13 Reasons Why I Don’t Look Like An Alcoholic

JoyOn October 19th, 2015, by the grace of God, I welcomed in 13 years of freedom from the dependence on that which once enslaved me, alcohol.

When given the opportunity to share my story I always hear the same statement from at least one listener with a confused look on their face, “…But…you don’t look like an alcoholic.”
My response remains the same, “What does an alcoholic look like?”

Knowing full well that I have my own mental image of what an alcoholic looks like and it’s motivation for me to never go back to the life I once knew.

Her hair is matted and her clothes unkempt.
There are deep creases in her face from years of neglect.
She wears her wounds, making no attempt to hide them.
All forms of dignity have been stripped away.
She appears to be around 60 years old when in reality she’s 42.
She looks…well…tired. And she is.

Her children, if any, have long since given up on her and moved on with their lives.
The family she once knew has disowned her.
The church has overlooked her.
Society has pitied her.
Friends have deserted her. (They had no choice really. She stopped trying years ago.)
She’s an inconvenience, with bad teeth, no concern for personal hygiene, flammable breath, and a reputation that precedes her.

People say things without regard for her humanity, like, “Why haven’t her foolish ways killed her yet? She’d be better off dead and so would everyone else.”
Or, “She probably drinks mouthwash or rubbing alcohol. What a waste of space.”

Is my description harsh?
Have you ever seen an alcoholic in the grips of their disease?
To say it’s ugly is an understatement.

Throughout these years of recovery, I have visited treatment centers, held the shaking hands of the one in detox, claimed my seat in the rooms of A.A., accompanied a scared mother to a court hearing, listened to teary family members nightmares of living with an active alcoholic, and attended too many funerals for the seemingly hopeless one who never saw their 30th birthday.
I have seen what my future could look like if I allow my disease to dictate the direction of my life. Quite frankly, it scares the hell out of me. I hope it continues to scare me enough that I never pick up that first drink. That’s where the stronghold begins. The very first drink.

It’s a bummer. I don’t want to be an alcoholic. I didn’t grow from a little girl to a young adult dreaming of one day being a blackout drinker. I never aspired to be dependent on alcohol.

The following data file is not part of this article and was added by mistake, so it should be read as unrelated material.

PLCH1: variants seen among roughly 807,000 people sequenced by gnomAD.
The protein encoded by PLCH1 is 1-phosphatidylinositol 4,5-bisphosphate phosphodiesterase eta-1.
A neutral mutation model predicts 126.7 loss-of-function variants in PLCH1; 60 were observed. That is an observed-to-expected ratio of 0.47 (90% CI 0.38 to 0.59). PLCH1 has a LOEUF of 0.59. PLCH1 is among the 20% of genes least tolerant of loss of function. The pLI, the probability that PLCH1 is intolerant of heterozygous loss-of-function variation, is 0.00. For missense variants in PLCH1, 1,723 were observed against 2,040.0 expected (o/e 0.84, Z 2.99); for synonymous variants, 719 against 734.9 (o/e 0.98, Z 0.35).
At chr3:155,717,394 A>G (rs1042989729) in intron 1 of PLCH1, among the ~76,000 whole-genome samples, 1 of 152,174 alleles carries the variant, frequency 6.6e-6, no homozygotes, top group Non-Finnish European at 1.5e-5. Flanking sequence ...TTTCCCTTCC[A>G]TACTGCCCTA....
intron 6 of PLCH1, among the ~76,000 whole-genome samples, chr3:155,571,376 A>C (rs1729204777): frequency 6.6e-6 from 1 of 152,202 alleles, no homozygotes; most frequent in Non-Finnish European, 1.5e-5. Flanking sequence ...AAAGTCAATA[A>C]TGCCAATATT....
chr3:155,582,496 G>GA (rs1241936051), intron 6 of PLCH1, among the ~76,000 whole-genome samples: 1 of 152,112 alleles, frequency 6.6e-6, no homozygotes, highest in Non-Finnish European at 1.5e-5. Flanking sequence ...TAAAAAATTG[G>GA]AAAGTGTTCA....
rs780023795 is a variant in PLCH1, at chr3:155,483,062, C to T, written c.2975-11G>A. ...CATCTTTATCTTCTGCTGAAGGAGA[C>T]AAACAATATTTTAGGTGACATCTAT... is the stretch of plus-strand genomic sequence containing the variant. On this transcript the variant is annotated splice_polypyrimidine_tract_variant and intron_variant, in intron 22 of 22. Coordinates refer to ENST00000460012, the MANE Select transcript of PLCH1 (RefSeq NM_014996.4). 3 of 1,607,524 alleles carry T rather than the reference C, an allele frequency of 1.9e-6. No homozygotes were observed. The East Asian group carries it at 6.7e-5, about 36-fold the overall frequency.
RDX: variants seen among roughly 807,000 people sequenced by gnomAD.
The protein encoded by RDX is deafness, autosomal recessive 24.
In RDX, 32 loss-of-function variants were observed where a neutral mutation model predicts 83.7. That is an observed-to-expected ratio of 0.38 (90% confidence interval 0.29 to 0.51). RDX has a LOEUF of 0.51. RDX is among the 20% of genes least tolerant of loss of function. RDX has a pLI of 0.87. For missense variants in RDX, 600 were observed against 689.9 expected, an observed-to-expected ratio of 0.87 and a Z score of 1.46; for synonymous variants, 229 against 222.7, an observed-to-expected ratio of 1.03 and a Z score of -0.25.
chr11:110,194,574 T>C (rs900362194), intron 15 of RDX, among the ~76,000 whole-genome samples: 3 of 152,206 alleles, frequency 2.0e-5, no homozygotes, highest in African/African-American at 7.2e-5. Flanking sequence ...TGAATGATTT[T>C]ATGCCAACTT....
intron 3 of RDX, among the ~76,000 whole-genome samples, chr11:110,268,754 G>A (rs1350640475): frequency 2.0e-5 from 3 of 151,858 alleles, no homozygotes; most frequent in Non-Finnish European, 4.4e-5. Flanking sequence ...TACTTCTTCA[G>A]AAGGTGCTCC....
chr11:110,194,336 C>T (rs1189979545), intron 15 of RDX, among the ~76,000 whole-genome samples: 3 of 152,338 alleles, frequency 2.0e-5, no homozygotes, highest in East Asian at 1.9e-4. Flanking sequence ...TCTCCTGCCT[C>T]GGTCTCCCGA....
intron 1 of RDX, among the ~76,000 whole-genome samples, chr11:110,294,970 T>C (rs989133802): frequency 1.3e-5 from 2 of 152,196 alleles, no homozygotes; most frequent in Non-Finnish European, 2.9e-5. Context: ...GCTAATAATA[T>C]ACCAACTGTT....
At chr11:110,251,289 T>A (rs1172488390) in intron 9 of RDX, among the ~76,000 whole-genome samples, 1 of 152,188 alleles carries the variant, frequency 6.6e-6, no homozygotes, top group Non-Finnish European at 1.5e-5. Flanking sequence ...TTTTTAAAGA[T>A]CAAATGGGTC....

Not once did my parents say to me, “Now Joy, strive to be the best alcoholic you can be.” But I definitely gave it my all for several years. 

The reason I don’t look like your stereotypical alcoholic is because;
1.) I’m not homeless
2.) I’m a wife, mother, and productive member of society, and most days I’m pretty dang good at it.
3.) I have all my teeth (some natural ones and some designed by a dental artist).
4.) I’m obsessive about hygiene.
5.) My family is still speaking to me. Some of them actually like me.
6.) I have incredible friends who know me and aren’t embarrassed to be seen with me in public.
7.) I love and care for my children.
8.) My children love me, except when I’m driving them crazy.
9.) I don’t willingly participate in self-destructive behavior.
10.) I pay my bills…on time.
11.) I am of service to others and I love it! It’s one of my favorite things to do.
12.) I’m not a liar.
13.) I have a relationship with my Creator that everything else in my life centers around.

Most of the things listed above were not true of me 13 years ago. It has been a journey of faith with unpredictable twists and turns. Trust, especially in close personal relationships, has been earned and restored over time. I know and embrace the meaning of “Amazing Grace.”

We all have something in our lives that wants to destroy us. Mine happens to be alcohol. Maybe yours is food or sex, compulsive shopping or depression? No matter what it is, you know that the moment you become complacent in this particular area, you’re in trouble. There is a solution.

Do you know what the best defense against complacency is?
Gratitude.
I call it my complacency repellant?

I am more aware (than ever), going into this 13th year that I better be thanking God in the first few moments my eyes open and my lungs draw a sober breath. Before my feet hit the floor, praise must already be on my lips. It will be the first thing on my tongue in the morning and the last thing I taste at night.

Here’s the big takeaway… Beginning the first few moments of your day with a grateful heart has the potential to change everything. Guaranteed. If it works for me, it can work for anyone, anywhere, no matter what.

Do you believe that?

Need a place of refuge? Visit my friends over at People of the Second Chance. Get connected. Whether you struggle with addiction or you love someone who does, you don’t ever have to be alone again.

Think you have a problem with alcohol? AA is a group of individuals from all walks of life, who share the same ism. It’s a program to which I owe my life. Learn more in the Big Book of Alcoholics Anonymous